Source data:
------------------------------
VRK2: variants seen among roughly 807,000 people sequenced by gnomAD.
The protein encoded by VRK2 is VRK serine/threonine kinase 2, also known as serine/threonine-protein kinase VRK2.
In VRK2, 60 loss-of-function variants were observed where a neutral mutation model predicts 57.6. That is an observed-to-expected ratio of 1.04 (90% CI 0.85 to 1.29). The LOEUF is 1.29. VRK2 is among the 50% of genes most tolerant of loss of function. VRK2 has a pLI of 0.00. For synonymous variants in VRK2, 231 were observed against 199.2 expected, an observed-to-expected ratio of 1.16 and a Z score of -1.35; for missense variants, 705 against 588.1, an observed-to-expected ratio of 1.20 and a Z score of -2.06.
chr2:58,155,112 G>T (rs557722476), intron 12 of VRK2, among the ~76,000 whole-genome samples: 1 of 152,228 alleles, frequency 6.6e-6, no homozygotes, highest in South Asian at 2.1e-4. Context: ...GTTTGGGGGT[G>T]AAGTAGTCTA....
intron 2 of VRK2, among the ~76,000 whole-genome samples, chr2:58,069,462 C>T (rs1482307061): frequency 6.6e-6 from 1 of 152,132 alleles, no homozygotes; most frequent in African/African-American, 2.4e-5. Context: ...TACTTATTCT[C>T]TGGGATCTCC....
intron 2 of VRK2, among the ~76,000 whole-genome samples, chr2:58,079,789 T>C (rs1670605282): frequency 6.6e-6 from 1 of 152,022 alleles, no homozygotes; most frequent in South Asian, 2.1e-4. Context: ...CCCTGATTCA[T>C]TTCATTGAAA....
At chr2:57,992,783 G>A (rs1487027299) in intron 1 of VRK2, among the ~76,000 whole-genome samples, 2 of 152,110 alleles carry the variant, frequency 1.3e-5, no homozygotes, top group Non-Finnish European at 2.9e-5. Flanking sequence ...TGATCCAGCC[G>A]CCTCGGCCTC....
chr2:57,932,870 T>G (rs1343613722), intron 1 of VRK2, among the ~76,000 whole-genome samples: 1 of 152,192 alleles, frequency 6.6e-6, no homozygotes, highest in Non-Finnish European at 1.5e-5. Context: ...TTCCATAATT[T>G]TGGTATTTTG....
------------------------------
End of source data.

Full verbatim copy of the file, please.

VRK2: variants seen among roughly 807,000 people sequenced by gnomAD.
The protein encoded by VRK2 is VRK serine/threonine kinase 2, also known as serine/threonine-protein kinase VRK2.
In VRK2, 60 loss-of-function variants were observed where a neutral mutation model predicts 57.6. That is an observed-to-expected ratio of 1.04 (90% CI 0.85 to 1.29). The LOEUF is 1.29. VRK2 is among the 50% of genes most tolerant of loss of function. VRK2 has a pLI of 0.00. For synonymous variants in VRK2, 231 were observed against 199.2 expected, an observed-to-expected ratio of 1.16 and a Z score of -1.35; for missense variants, 705 against 588.1, an observed-to-expected ratio of 1.20 and a Z score of -2.06.
chr2:58,155,112 G>T (rs557722476), intron 12 of VRK2, among the ~76,000 whole-genome samples: 1 of 152,228 alleles, frequency 6.6e-6, no homozygotes, highest in South Asian at 2.1e-4. Context: ...GTTTGGGGGT[G>T]AAGTAGTCTA....
intron 2 of VRK2, among the ~76,000 whole-genome samples, chr2:58,069,462 C>T (rs1482307061): frequency 6.6e-6 from 1 of 152,132 alleles, no homozygotes; most frequent in African/African-American, 2.4e-5. Context: ...TACTTATTCT[C>T]TGGGATCTCC....
intron 2 of VRK2, among the ~76,000 whole-genome samples, chr2:58,079,789 T>C (rs1670605282): frequency 6.6e-6 from 1 of 152,022 alleles, no homozygotes; most frequent in South Asian, 2.1e-4. Context: ...CCCTGATTCA[T>C]TTCATTGAAA....
At chr2:57,992,783 G>A (rs1487027299) in intron 1 of VRK2, among the ~76,000 whole-genome samples, 2 of 152,110 alleles carry the variant, frequency 1.3e-5, no homozygotes, top group Non-Finnish European at 2.9e-5. Flanking sequence ...TGATCCAGCC[G>A]CCTCGGCCTC....
chr2:57,932,870 T>G (rs1343613722), intron 1 of VRK2, among the ~76,000 whole-genome samples: 1 of 152,192 alleles, frequency 6.6e-6, no homozygotes, highest in Non-Finnish European at 1.5e-5. Context: ...TTCCATAATT[T>G]TGGTATTTTG....